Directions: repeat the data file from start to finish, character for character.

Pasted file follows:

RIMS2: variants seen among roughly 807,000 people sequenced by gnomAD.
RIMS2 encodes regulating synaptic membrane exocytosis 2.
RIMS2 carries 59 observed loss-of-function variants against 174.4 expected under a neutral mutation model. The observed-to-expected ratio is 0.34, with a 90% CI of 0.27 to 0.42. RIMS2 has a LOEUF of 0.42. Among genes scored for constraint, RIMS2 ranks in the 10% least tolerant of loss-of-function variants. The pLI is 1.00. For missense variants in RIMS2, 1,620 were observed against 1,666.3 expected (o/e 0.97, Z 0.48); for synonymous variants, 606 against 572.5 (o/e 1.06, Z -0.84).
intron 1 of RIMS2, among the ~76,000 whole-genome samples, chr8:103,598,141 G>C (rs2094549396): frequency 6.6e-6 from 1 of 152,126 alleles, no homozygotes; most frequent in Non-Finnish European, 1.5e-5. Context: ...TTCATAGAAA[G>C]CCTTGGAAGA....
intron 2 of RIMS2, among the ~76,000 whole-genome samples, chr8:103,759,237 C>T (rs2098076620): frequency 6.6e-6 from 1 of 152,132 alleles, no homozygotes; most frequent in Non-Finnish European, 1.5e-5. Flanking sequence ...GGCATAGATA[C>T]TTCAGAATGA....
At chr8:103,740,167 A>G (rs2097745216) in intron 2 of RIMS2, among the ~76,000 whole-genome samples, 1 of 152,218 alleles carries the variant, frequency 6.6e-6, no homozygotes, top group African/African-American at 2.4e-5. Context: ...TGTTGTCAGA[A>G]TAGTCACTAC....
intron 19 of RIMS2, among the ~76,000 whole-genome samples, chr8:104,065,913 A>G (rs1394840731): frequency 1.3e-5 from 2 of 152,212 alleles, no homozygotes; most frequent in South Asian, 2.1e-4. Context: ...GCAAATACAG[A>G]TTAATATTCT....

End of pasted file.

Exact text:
RIMS2: variants seen among roughly 807,000 people sequenced by gnomAD.
RIMS2 encodes regulating synaptic membrane exocytosis 2.
RIMS2 carries 59 observed loss-of-function variants against 174.4 expected under a neutral mutation model. The observed-to-expected ratio is 0.34, with a 90% CI of 0.27 to 0.42. RIMS2 has a LOEUF of 0.42. Among genes scored for constraint, RIMS2 ranks in the 10% least tolerant of loss-of-function variants. The pLI is 1.00. For missense variants in RIMS2, 1,620 were observed against 1,666.3 expected (o/e 0.97, Z 0.48); for synonymous variants, 606 against 572.5 (o/e 1.06, Z -0.84).
intron 1 of RIMS2, among the ~76,000 whole-genome samples, chr8:103,598,141 G>C (rs2094549396): frequency 6.6e-6 from 1 of 152,126 alleles, no homozygotes; most frequent in Non-Finnish European, 1.5e-5. Context: ...TTCATAGAAA[G>C]CCTTGGAAGA....
intron 2 of RIMS2, among the ~76,000 whole-genome samples, chr8:103,759,237 C>T (rs2098076620): frequency 6.6e-6 from 1 of 152,132 alleles, no homozygotes; most frequent in Non-Finnish European, 1.5e-5. Flanking sequence ...GGCATAGATA[C>T]TTCAGAATGA....
At chr8:103,740,167 A>G (rs2097745216) in intron 2 of RIMS2, among the ~76,000 whole-genome samples, 1 of 152,218 alleles carries the variant, frequency 6.6e-6, no homozygotes, top group African/African-American at 2.4e-5. Context: ...TGTTGTCAGA[A>G]TAGTCACTAC....
intron 19 of RIMS2, among the ~76,000 whole-genome samples, chr8:104,065,913 A>G (rs1394840731): frequency 1.3e-5 from 2 of 152,212 alleles, no homozygotes; most frequent in South Asian, 2.1e-4. Context: ...GCAAATACAG[A>G]TTAATATTCT....